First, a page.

Ray is contacted by a doctor at a mental hospital about some strange occurrences. But, once he gets inside the hospital, he finds out the "doctor" is really a patient. However, there really are some ...
When a young woman tries to kill Ray, and then steps in front of a bus, his investigation leads him back to a University research program where several students have committed suicide. It turns out ...
Three vietnam veterans (Nick Ryder, Cody Allen and Murray Bozinsky) now work as private eyes in sunny southern California. Nick and Cody are the muscles and Murray is a computer wizard of ... See full summary »
Detective Sergeant Rick Hunter and his partner, Sergeant Dee Dee McCall, are homicide investigators with the Los Angeles Police Department. Often they must go undercover to catch a variety ... See full summary »
Lonigan and his partner Tony, two drug dealers, shoot two cops who attempt to set them up, and run away with a million bucks and the drugs, which they stash in a red Corvette Stingray in a ... See full summary »
Dennis Booker, an ex-cop, is hired by the US office of a large Japanese company to investigate some suspect insurance claims. He is very anti-authority, resents being told what to do, and ... See full summary »
Ray is a shadowy character with a mysterious 'secret agent' past. People in trouble often come to him for help, since he has a lot of important and powerful contacts. He refuses to be paid for his services; however, those seeking his assistance must promise him a favor. Some time in the future, Ray will come to them and ask to collect on that favor, giving them some task that is often arduous and/or dangerous. The title of the show comes from the vintage Corvette Stingray that Ray drives. Written by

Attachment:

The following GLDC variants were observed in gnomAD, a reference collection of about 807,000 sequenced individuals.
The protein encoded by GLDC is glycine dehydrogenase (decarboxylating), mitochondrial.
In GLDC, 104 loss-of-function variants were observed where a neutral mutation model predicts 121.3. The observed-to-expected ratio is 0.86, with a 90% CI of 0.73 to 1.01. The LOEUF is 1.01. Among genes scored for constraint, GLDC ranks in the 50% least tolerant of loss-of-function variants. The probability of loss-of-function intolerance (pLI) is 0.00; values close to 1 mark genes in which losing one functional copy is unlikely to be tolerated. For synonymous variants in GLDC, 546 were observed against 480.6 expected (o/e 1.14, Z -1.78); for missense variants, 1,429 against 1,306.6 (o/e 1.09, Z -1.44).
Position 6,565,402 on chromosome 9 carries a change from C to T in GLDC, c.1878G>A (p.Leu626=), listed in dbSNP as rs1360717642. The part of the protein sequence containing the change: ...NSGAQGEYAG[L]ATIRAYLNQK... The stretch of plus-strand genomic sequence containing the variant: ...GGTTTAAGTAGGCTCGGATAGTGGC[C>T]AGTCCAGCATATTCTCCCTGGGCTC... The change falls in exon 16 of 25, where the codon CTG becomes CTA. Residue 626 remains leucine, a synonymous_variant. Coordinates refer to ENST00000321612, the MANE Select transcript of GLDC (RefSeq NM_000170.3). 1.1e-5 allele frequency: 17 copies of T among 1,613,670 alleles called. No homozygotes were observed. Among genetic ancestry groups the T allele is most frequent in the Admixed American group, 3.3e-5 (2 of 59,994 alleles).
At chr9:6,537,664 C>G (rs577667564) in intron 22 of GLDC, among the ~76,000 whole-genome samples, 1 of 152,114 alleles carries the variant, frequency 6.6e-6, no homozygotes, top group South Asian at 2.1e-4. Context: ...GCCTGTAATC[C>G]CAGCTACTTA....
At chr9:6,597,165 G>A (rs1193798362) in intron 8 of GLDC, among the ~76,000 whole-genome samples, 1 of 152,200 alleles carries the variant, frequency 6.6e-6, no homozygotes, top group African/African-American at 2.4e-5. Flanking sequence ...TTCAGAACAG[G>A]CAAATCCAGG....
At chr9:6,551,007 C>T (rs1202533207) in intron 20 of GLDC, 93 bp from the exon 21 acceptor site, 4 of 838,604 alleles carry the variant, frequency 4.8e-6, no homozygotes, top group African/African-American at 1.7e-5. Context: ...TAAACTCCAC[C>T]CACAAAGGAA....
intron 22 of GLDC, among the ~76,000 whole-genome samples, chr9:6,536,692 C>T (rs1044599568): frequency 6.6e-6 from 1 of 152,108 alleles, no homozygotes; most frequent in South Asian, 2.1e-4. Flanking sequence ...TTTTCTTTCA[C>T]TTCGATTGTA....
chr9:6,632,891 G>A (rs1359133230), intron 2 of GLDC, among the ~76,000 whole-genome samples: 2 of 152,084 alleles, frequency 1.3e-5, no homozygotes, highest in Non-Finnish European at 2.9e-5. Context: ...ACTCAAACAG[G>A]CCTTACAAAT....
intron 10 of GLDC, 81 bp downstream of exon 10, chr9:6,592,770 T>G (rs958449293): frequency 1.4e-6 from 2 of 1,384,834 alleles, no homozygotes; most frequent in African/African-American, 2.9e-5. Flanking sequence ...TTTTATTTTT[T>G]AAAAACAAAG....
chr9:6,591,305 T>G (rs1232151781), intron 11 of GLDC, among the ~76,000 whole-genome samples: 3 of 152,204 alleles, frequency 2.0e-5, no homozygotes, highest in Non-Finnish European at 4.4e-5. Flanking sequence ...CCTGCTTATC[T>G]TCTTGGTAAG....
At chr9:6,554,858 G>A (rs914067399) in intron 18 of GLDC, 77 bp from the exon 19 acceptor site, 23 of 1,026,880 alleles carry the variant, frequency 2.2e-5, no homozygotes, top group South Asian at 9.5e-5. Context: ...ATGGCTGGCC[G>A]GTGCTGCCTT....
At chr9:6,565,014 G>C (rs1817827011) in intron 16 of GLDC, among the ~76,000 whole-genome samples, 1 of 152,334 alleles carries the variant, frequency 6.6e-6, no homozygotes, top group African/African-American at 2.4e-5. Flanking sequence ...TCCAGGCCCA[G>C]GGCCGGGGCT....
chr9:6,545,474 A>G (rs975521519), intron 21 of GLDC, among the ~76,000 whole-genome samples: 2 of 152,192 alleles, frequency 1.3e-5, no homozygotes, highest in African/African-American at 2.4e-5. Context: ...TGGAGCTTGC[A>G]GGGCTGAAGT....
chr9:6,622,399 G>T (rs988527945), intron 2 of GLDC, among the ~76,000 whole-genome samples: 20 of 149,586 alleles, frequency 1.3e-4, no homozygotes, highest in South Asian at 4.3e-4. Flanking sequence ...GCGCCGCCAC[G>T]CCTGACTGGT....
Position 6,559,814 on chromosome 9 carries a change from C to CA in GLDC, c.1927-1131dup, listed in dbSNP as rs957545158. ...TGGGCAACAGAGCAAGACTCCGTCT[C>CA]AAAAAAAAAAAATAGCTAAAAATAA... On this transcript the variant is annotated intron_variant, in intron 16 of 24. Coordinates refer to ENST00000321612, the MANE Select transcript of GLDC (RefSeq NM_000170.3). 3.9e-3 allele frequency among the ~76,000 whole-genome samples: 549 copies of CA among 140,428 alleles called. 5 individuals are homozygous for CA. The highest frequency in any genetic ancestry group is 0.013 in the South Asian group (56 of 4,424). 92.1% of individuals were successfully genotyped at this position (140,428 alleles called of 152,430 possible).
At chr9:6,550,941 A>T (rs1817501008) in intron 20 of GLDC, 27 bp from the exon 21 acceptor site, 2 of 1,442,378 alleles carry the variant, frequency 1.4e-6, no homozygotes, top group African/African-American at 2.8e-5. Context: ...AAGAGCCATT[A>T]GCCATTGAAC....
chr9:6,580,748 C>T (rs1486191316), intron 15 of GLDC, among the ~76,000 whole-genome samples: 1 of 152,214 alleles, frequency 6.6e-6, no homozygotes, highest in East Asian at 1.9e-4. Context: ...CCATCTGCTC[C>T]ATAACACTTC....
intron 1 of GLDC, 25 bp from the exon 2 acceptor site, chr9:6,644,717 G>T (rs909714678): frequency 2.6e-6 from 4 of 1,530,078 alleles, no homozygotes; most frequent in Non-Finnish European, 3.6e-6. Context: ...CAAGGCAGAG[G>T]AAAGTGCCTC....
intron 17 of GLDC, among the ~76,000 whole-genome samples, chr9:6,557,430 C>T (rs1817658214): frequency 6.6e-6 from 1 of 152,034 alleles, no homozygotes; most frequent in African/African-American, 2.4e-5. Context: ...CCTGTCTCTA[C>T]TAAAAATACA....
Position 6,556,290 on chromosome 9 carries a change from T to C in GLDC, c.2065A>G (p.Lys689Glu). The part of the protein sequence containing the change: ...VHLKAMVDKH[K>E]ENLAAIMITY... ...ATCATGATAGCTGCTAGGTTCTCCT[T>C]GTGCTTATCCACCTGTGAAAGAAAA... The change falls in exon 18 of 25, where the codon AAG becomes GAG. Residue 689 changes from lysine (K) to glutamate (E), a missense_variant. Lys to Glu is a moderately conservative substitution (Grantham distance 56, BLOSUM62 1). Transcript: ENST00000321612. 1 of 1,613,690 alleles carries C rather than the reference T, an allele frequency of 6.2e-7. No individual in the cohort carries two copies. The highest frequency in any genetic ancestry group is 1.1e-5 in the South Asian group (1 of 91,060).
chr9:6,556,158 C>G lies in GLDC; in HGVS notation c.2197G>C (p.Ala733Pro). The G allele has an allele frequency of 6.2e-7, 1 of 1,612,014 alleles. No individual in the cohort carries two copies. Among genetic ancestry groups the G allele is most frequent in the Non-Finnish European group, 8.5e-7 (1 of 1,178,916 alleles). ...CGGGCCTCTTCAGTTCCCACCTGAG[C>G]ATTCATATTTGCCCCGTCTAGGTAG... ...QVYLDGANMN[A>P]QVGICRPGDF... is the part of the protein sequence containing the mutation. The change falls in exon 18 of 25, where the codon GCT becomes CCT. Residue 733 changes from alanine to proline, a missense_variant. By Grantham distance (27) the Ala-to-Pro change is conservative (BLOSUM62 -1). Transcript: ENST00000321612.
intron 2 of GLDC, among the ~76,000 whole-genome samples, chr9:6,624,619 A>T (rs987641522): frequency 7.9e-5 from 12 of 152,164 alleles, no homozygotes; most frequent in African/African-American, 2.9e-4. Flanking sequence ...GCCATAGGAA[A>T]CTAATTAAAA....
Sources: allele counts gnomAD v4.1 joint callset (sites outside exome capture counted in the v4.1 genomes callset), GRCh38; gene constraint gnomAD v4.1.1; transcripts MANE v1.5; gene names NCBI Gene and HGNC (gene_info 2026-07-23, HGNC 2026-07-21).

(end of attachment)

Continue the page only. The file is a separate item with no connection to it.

Tad Dibbern <DIBBERN_D@a1.mscf.upenn.edu>
"Stingray's" real name and actual occupation are never revealed in any of the installments; throughout the series, any attempt any other character makes, in any installment, to track down his identity inevitably and invariably leads in the wrong direction and/or to a dead end. See more »
Okay, I'll tell you this much. The world runs on money. Everybody walks around with this invisible number in their heads. You hit the figure close enough, the penny drops, you own the man. In Hong Kong you can buy a murder for five bucks. In New York City a sloppy job runs you five hundred. A neat, clean, professional hit, upwards of ten grand. On skid row they'll kill you for your shoes. I take money out of the equation. My hands don't sweat, because I'm never at the pay window.
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The end credits were played over behind-the-scenes photos of the making of that week's episode See more »
This was one of my favorite shows. I guess I like stories in which the good guy always makes the "clever" bad guys look like idiots and still make it believable. But then, I'm very easily fooled and was more so when I was 25 and this show was new. Nick Mancuso was convincing and the co-stars were always experienced actors such as Robert Vaughn.
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